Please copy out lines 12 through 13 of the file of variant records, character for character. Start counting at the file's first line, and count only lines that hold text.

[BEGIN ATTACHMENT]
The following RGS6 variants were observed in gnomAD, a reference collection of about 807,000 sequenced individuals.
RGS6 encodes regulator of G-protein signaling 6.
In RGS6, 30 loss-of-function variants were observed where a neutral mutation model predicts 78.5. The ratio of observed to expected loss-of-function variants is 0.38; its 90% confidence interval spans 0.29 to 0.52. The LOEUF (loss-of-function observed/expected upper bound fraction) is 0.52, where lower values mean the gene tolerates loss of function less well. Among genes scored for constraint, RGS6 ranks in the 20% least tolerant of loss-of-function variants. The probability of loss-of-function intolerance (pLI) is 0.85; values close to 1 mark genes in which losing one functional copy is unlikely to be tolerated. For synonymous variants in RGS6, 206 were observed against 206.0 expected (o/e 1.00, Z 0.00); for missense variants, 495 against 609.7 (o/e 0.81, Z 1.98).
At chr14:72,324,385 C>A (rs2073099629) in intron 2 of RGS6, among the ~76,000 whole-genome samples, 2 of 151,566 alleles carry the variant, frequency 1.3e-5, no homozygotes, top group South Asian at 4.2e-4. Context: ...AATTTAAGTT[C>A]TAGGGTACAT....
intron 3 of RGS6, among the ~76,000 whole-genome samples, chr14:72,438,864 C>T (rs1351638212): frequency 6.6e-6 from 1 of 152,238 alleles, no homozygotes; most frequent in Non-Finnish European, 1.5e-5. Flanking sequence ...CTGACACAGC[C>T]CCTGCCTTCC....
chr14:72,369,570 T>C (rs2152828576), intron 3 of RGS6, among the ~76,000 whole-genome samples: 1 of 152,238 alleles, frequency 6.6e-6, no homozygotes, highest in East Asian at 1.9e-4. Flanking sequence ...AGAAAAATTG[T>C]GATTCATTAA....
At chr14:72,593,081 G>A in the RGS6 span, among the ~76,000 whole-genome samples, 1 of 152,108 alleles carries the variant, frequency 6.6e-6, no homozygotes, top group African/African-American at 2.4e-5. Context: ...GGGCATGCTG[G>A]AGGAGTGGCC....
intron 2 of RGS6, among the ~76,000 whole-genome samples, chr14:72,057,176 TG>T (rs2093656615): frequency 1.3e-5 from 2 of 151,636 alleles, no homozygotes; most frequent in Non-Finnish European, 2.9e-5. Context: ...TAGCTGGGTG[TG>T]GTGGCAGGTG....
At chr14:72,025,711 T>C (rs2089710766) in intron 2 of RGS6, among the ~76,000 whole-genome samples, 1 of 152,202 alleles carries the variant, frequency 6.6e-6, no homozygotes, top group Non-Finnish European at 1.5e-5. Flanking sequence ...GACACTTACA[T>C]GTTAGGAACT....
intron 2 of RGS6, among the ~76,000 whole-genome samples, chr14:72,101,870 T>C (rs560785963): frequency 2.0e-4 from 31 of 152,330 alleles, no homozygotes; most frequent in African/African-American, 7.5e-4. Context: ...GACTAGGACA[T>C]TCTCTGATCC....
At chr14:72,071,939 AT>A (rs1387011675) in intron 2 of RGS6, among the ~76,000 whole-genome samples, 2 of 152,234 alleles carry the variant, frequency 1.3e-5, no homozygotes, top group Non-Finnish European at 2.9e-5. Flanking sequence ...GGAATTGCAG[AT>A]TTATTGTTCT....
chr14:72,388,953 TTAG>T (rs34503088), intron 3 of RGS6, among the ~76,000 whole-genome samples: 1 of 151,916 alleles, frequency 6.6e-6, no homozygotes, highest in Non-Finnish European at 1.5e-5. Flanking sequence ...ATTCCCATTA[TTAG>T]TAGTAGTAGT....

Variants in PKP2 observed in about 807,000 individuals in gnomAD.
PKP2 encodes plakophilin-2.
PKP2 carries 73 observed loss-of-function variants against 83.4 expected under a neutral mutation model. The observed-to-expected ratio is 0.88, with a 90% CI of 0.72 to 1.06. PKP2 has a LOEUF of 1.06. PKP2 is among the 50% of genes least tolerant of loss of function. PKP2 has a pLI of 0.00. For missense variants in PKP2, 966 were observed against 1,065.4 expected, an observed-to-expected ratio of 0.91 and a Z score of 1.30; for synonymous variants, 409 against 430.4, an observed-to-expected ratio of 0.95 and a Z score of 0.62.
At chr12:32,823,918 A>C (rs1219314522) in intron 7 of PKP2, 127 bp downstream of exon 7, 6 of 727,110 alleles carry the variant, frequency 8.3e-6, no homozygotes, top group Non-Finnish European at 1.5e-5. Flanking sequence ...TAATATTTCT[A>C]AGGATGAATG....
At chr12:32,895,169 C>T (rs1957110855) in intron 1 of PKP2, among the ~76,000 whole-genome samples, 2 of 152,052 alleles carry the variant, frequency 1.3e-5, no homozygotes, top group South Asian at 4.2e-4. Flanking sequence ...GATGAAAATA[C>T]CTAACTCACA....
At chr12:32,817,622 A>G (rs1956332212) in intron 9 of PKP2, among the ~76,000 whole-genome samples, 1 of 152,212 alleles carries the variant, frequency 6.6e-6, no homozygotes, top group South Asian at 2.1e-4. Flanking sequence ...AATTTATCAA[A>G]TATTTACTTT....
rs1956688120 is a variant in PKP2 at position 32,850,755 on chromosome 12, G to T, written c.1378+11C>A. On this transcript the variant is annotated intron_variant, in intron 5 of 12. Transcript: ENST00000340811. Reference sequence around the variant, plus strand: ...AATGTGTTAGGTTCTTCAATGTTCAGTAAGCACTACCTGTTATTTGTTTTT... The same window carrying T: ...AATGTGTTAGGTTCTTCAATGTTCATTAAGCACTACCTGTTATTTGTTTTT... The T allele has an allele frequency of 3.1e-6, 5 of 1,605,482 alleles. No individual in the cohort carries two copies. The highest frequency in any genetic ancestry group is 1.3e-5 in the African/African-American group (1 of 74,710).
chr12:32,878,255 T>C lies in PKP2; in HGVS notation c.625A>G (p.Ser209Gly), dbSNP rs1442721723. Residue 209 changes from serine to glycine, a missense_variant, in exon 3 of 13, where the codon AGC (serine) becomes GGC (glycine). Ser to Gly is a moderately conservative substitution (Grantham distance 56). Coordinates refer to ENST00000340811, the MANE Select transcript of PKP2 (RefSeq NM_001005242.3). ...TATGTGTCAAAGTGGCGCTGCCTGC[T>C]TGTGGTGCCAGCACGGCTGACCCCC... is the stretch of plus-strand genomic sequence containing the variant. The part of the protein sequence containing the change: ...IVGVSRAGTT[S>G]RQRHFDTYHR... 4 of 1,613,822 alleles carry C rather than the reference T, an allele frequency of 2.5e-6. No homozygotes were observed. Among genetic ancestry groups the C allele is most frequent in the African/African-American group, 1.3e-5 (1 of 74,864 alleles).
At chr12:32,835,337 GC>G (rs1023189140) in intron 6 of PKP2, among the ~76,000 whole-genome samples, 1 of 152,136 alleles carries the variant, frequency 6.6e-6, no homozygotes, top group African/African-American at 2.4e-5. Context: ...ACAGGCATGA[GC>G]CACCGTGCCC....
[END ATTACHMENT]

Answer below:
chr14:72,388,953 TTAG>T (rs34503088), intron 3 of RGS6, among the ~76,000 whole-genome samples: 1 of 151,916 alleles, frequency 6.6e-6, no homozygotes, highest in Non-Finnish European at 1.5e-5. Flanking sequence ...ATTCCCATTA[TTAG>T]TAGTAGTAGT....

Variants in PKP2 observed in about 807,000 individuals in gnomAD.